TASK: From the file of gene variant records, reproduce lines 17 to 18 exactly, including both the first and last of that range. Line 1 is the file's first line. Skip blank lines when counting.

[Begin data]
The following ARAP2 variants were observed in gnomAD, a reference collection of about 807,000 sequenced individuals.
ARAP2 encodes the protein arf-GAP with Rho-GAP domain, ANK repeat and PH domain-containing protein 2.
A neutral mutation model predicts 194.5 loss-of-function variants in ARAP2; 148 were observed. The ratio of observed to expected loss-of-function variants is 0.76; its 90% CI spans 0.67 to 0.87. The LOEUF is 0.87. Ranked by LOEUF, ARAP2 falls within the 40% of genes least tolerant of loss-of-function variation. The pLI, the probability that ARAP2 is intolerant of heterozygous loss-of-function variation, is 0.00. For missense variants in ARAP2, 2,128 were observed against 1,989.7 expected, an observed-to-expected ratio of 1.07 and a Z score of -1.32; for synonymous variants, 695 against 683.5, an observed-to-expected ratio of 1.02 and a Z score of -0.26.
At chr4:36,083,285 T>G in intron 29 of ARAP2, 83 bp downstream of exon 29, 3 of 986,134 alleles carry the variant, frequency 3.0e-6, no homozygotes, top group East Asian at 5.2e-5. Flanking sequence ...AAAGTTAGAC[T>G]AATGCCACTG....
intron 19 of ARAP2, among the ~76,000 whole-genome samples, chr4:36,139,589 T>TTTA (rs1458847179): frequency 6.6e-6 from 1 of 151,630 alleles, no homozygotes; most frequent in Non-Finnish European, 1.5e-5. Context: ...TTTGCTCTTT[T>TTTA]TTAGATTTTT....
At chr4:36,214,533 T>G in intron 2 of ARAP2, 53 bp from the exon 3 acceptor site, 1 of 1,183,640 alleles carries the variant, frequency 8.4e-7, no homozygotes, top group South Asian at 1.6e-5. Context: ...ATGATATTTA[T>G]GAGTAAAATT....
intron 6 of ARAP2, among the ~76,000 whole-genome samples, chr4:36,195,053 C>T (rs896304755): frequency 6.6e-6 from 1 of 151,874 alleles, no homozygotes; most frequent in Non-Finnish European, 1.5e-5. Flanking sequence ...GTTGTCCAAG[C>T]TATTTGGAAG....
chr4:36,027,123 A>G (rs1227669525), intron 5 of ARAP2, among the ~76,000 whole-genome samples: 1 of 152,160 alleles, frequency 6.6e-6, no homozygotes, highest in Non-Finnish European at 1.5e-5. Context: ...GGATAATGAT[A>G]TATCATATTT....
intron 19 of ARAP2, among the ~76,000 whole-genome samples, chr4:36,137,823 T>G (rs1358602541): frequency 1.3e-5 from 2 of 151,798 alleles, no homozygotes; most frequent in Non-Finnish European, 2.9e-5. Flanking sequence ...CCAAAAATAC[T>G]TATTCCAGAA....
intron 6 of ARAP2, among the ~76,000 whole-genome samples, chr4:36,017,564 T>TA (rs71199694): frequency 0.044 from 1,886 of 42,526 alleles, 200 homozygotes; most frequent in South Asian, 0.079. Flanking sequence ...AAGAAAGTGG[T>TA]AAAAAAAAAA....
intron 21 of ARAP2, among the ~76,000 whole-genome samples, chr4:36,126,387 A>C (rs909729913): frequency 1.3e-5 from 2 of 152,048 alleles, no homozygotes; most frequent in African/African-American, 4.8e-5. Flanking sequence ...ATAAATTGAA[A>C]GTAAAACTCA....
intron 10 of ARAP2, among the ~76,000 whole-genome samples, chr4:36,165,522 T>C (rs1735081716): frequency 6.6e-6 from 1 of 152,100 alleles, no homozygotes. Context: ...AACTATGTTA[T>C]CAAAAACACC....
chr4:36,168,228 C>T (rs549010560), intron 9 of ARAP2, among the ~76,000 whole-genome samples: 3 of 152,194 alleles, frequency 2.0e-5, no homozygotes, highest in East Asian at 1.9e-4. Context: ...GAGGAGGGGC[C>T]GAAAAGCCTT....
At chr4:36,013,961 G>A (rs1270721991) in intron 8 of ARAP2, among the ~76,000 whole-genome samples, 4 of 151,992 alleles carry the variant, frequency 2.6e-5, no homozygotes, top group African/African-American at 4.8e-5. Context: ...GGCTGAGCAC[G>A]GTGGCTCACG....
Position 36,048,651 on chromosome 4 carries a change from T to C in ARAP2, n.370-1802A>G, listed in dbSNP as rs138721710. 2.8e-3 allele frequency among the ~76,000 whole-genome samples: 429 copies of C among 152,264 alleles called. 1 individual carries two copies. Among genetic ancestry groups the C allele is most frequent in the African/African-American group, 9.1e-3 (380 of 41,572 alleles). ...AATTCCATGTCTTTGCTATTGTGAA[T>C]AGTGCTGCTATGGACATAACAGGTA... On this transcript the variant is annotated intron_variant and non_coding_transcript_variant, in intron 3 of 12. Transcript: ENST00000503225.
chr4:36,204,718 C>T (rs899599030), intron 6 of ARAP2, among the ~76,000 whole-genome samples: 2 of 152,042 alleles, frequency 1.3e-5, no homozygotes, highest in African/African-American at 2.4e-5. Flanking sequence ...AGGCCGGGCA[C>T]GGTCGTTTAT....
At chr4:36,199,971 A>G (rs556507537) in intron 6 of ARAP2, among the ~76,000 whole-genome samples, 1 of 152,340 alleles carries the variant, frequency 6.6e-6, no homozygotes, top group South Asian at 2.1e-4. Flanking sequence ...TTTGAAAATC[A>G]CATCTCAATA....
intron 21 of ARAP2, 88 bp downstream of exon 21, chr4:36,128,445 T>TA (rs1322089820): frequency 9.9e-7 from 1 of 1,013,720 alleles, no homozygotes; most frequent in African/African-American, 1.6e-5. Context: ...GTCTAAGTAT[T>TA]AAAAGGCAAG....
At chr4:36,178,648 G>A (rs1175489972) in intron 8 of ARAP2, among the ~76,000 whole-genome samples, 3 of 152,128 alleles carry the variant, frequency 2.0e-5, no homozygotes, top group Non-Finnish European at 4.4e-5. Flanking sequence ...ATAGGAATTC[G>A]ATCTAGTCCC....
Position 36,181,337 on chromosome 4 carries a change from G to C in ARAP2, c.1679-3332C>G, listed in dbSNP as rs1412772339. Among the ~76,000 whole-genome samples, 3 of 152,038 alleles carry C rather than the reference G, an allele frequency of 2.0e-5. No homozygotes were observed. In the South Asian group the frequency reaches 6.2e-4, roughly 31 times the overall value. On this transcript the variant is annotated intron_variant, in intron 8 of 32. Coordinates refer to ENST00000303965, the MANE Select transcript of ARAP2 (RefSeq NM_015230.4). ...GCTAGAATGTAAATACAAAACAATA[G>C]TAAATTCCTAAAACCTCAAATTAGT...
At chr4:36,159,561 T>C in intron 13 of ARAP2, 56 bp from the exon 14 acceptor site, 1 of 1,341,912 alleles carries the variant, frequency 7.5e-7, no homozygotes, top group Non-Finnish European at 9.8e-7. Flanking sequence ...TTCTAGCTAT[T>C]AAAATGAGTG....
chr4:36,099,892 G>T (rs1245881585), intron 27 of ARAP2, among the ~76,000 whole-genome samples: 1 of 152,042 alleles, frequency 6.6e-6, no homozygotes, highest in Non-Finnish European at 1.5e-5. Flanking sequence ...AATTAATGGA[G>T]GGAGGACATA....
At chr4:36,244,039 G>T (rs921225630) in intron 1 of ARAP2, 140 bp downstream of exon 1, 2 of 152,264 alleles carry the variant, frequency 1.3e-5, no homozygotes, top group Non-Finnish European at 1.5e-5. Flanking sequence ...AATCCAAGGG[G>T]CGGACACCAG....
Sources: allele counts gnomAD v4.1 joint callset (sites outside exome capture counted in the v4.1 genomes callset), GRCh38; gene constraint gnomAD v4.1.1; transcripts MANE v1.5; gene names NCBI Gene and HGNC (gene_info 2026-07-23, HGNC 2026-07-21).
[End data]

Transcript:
At chr4:36,199,971 A>G (rs556507537) in intron 6 of ARAP2, among the ~76,000 whole-genome samples, 1 of 152,340 alleles carries the variant, frequency 6.6e-6, no homozygotes, top group South Asian at 2.1e-4. Flanking sequence ...TTTGAAAATC[A>G]CATCTCAATA....
intron 21 of ARAP2, 88 bp downstream of exon 21, chr4:36,128,445 T>TA (rs1322089820): frequency 9.9e-7 from 1 of 1,013,720 alleles, no homozygotes; most frequent in African/African-American, 1.6e-5. Context: ...GTCTAAGTAT[T>TA]AAAAGGCAAG....